"The ministerial agenda is very diverse, which is why I am trying to fully utilize not just my own professional team but the ministry staff as well, all of whom I appreciate greatly," says Marek Výborný who was appointed minister of agriculture this year.
Were you hesitant when you received the offer to lead the Ministry of Agriculture? Is this a field you took an interest in previously?
I know the agricultural environment; as an MP, I traveled around my region of Pardubice and also others. I often visited agricultural and food processing facilities as well as family farms. The countryside has always been front and center in KDU-ČSL's policymaking, and I have been a long-term proponent of the need for a minister to be a manager first and foremost. I don't know a single person who understands everything, meaning plant production, animal production, water, forests, fishing, agricultural subsidy policy, and the complex legal processes behind land consolidation. I came to a ministry that is structured, where everyone knows what to do and respects the direction set by the government's policy statement.
Was taking over a swift process?
I did hear a couple of skeptical remarks regarding my qualifications for the position. I must say, however, that I quickly got accustomed to how the department works and I've had very open and sincere communication with farmers as well as other groups. I won't hide the fact that I still need to "get a feel" for a lot of things, but when I do something, I strive to do it to the best of my ability. As a "non-lawyer" I got matters related to distraint processes moving and rolled out the Merciful Summer program together with my team, and I am working just as hard on farming, forestry, and water management. The department is fascinating in its breadth, beautiful in a sense, and complex at the same time due to the varied interests that often aren't quite aligned, which naturally results in conflict. That makes my role, which is that of a moderator to a certain extent, quite difficult. Just look at the discussion around food prices and whose fault that is...
And whose fault is it? Our food is some of the most expensive in the EU; a lot of people go to Poland or even Germany to shop for groceries.
Numbers from the Czech Statistical Office show that the prices of a significant number of food items in stores are falling. The reason is an exceptional harvest as well as the pressure I've helped exert on supermarket chains. I don't mean to boast; what I'm trying to say is that no merchant wants to be called unfair and labeled as the one responsible for exorbitant prices. I cannot set the price of milk, pastry, or butter as a minister. What I can do, however, is use my unofficial influence. I meet with representatives of the private sector, food processing companies, and supermarket chains. If you're a proponent of equal treatment, that's the only way to get positive results.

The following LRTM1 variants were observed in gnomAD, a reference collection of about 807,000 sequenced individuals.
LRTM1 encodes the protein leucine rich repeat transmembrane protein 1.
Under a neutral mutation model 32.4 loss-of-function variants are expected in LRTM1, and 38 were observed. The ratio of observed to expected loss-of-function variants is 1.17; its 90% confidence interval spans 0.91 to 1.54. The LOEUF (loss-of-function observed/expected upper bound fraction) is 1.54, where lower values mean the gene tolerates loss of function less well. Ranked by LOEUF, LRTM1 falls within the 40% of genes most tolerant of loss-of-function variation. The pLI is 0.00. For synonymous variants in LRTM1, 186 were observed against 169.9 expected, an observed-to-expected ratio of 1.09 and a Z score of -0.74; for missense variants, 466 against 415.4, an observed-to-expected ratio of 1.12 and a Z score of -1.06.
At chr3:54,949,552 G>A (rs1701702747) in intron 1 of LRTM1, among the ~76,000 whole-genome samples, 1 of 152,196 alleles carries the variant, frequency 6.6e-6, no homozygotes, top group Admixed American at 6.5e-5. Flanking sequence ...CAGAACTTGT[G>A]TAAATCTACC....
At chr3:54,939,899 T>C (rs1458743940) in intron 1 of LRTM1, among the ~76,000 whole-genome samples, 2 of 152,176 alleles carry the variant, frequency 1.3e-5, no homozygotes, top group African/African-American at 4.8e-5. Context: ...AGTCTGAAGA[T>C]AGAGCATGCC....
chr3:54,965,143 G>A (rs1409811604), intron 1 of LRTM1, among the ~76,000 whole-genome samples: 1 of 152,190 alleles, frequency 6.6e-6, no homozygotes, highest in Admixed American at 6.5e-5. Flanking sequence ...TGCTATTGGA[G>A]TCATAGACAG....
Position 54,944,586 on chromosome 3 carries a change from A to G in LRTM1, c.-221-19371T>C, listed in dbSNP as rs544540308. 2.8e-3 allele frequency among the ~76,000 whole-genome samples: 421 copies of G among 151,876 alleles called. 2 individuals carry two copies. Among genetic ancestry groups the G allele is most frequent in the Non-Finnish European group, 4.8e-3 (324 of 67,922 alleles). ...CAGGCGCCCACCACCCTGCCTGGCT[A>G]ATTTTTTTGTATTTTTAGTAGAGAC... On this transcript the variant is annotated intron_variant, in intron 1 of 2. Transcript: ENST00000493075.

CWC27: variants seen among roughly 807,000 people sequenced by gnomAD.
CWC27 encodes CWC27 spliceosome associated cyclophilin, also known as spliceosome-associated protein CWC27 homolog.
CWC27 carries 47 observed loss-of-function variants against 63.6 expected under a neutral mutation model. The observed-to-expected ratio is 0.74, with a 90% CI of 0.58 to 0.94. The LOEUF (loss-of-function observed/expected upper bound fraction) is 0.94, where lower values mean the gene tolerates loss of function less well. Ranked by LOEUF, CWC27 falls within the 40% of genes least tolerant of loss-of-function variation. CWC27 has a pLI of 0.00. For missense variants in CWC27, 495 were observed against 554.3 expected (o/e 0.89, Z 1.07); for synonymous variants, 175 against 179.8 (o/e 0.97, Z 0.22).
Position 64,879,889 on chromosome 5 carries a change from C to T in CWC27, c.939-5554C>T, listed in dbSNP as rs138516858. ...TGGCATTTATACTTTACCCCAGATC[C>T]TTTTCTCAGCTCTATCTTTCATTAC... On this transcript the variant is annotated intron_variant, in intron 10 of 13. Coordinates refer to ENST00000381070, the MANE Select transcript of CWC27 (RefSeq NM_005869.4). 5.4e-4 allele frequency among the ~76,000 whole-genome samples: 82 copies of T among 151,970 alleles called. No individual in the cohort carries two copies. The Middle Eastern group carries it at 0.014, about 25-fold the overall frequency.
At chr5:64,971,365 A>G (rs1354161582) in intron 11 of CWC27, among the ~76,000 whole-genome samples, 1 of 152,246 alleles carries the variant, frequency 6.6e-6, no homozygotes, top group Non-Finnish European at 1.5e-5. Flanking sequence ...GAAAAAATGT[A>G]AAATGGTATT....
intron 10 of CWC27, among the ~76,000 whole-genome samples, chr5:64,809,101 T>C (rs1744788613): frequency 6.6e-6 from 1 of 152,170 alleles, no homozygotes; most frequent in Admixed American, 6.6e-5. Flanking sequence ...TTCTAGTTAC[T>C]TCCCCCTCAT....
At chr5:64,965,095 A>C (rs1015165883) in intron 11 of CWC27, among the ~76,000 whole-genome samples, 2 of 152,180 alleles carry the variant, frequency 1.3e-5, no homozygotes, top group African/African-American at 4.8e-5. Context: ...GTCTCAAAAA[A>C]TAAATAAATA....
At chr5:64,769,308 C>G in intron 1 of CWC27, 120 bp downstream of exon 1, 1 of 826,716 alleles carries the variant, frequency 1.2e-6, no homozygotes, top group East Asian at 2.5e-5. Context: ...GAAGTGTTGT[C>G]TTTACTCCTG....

What plagues Czech farmers the most?
Currently, it's things such as the decreasing farm gate value of milk. We've been seeing this trend since last December, which is when the farm gate value of raw cow milk was 13.9 crowns per liter; it dropped to less than 10 crowns late this August. It has been lower than the production cost for several months now because farmers are able to produce a liter of milk for roughly 11 crowns. We must not forget that the production of milk is also quite labor-intensive. The sector is further dealing with the impact of inflation and rising production input prices. That is why I negotiated with the government to provide additional support for Czech farmers in the amount of 80 million crowns, which is on top of the more than 163 million crowns we've managed to secure from European Union funds. So, they will end up getting an extra 243 million crowns. We'll be supporting not only dairy farmers but also fruit, produce, and hops growers. The intent behind this measure is to prevent any further exacerbation of the situation in these sectors as they are facing the biggest headwinds. But one thing plaguing farmers enormously across the board is the huge extent of bureaucracy and paperwork. This is a point I must cede to them and it's one of the tasks I've set for myself and I'm hard at work on. Simplifying application forms, making use of digitalization, making sure inspections are less frequent and more reasonable, etc.
What are your other priorities?
Forest renewal, for instance. We absolutely must keep planting trees following the bark beetle calamity. I'm pleased that 50 thousand hectares were planted with trees last year, which is an area of land larger than Prague. My fellow party member Petr Hladík from the Ministry of Environment and I have been successfully cooperating on topics concerning both of our departments. Forests and land need to play not only an environmental role but also an economic and social one. Besides that, I could mention solar panels, which farmers will be installing on the roofs of agricultural buildings to lower energy expenses and become more self-sufficient in terms of power.